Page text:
Opinion: Why the S&P 500 Is Missing the (Bench)Mark

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There are many indexes quoted around the world, but sadly today some of the most widely used are becoming less and less helpful.

The Dow Jones Industrial Average is one of the oldest and most often cited indexes, which to us is genuinely remarkable given how little use it is as either a performance benchmark or as a representation of markets. The Dow is a manually selected index of 30 companies, handpicked by a committee, which comes with some fairly obvious conflicts of interest and biases. But the biggest failing of the Dow is that it is a price-weighted index. 

Since the growth of passive investing, indexes have morphed from simple yardsticks into hugely profitable products.

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That means a stock with a share price of $1,000 will have 10-times more weight in the index than a stock with a share price of $100, which makes little sense given that share price tells you nothing about the size or value of a company, as share price is only one half of the equation, the other being how many shares exist.

For a real-life example of how unhelpful price-weighting is, consider the time Apple underwent a stock split of 4 for 1 in 2020. Its weight in the Dow instantly dropped by 75% due to the new lower share price, because there were now 75% more shares. Was Apple suddenly three-quarters less important or influential as a company than it was the day before? Of course not.

Better but flawed. Compared to the Dow, the S&P 500 is a much better index. It is weighted by market capitalization, which incorporates both share price and number of shares, and it represents the 500 largest companies on that metric. The Nasdaq 100 Index follows the same methodology but is focused on 100 handpicked tech stocks. Given the S&P 500’s better weighting methodology and larger breadth, it’s of little surprise that it has grown to be the most widely used. But in our view, over the years the S&P 500 has become less representative of the U.S. economy, increasingly risky and less helpful as a performance measurement tool.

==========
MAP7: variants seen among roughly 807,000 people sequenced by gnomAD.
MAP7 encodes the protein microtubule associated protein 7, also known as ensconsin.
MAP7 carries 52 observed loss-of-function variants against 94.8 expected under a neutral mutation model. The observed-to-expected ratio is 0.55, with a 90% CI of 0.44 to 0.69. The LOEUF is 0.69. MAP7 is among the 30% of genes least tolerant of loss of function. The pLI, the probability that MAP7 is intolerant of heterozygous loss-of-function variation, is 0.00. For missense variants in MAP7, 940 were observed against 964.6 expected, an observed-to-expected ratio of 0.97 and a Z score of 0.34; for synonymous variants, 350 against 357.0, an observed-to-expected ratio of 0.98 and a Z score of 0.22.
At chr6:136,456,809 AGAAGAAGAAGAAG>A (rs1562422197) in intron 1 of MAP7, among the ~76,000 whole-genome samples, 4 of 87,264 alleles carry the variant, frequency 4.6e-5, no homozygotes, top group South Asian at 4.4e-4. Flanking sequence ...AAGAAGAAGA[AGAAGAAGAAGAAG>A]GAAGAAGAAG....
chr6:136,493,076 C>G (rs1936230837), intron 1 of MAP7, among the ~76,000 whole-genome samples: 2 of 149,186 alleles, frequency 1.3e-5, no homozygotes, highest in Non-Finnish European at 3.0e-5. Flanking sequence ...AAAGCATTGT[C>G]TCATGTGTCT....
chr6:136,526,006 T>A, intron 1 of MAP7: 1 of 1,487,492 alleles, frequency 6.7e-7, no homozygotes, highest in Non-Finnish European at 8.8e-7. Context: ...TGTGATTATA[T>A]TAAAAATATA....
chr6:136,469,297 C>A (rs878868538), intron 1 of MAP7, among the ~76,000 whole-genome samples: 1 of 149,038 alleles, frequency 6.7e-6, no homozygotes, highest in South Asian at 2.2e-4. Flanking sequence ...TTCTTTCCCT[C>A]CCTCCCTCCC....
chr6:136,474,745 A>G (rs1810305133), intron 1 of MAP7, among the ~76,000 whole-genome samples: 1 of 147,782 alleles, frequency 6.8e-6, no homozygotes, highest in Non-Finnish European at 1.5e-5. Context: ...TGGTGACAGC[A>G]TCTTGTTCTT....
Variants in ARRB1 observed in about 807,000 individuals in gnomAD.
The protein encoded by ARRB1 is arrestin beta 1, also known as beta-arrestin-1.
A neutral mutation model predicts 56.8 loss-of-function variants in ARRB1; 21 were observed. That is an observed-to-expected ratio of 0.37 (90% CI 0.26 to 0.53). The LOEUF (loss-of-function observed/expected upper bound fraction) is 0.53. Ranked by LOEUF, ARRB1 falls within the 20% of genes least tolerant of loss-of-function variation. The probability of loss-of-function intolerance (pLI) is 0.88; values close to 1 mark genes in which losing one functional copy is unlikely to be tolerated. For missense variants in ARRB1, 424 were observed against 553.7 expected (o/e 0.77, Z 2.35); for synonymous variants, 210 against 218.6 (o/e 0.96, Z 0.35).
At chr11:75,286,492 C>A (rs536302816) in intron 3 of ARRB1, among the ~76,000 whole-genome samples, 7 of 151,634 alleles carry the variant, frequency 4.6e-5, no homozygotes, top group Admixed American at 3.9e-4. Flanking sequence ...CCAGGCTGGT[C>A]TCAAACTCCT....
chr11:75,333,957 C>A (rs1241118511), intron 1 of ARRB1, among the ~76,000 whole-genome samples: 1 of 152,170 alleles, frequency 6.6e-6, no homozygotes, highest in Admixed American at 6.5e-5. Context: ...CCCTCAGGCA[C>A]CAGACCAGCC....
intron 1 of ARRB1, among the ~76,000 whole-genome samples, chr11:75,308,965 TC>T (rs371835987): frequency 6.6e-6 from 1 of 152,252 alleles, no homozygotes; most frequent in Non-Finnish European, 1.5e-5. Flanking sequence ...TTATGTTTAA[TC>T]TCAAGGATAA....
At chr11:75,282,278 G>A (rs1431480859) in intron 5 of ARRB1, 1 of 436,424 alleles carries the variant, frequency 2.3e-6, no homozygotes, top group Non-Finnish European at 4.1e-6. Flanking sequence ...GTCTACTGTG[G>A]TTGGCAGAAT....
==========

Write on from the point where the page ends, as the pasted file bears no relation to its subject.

Indexes were originally created to represent the overall market. But since the growth of passive investing, which uses the index as the investment portfolio, indexes have morphed from simple yardsticks into hugely profitable products. Index owners earn fees on assets and funds that track their indexes. Today there are trillions of dollars in ETFs and funds that track the S&P 500, generating hundreds of millions of dollars in revenue for S&P Global each year.

The S&P 500 index is today controlled by an internal committee of S&P Global employees, which has ultimate discretion over company inclusion or exclusion, as well as sector allocations. It has  a clear incentive to ensure the index remains attractive to investors. After all, if investors think the S&P 500 is too risky they might instead buy an ETF linked to a Russell or MSCI index, which would mean lost revenue for S&P Global.

Diverse how?  So when a single sector like technology doubled in size over a decade, as it did recently, going from 18% 10 years ago to almost 40% today, that can lead to investor concern over risk and lack of diversification, potentially causing investors to move to other indexes. In 2018, S&P Global created a new sector called Communication Services, into which many of the technology names were moved, thus dropping the overall technology weighting of the S&P 500. At the time, the justification for this change was to reflect the changing economy, but it also had the effect of making the S&P 500 look more diversified and therefore less risky to investors, even though one could argue that the real exposures (and therefore risks) remained entirely unchanged.

Then, there is the S&P 500’s utility as a performance comparator to consider. Many investors have noted how much the S&P 500’s valuation has fallen in recent months and how its multiple today compares to periods of previous drawdowns. But these comments are meaningless due to the fact that the composition of the S&P 500 changes hugely over time,  both in sector terms but also in individual company terms (this is also the case with most indexes). The S&P 500 five or 10 years ago was vastly different than it is today, so comparing index multiples across time periods is comparing apples and oranges.

Finally, we are all consistently told that diversification reduces risk. But as a firm, we believe that indiscriminate diversification is an ineffective tool toward this end. Fundamentally, we believe it is far less risky to own 20 companies that you are very confident in than to own 500 you know nothing about. Blindly holding a large number of popular stocks isn’t usually the best way to protect a portfolio. The best way to control risk is to know what you own.

What’s the solution? Benchmarking investment performance is an inherently difficult task, and one that doesn’t look to be getting any easier. It could be worth considering broad market returns, absolute long-term returns, and even relative returns between similar strategies. As is usually the case in investing, there is no black and white answer.

Guy Davis, CFA, Managing Director and Portfolio Manager at GCI Investors

Photo Illustration by Barron’s Advisor

Guy Davis is the managing director and portfolio manager of GCI Investors, a U.S.-based independent asset manager that runs a concentrated, fundamentals-focused portfolio available as an active ETF, The Genuine Investors ETF. He and his team are prolific writers and commentators on financial markets, individual companies and investment practices. He is also the co-author of “Navigating the Street: A Better Approach to Investing.”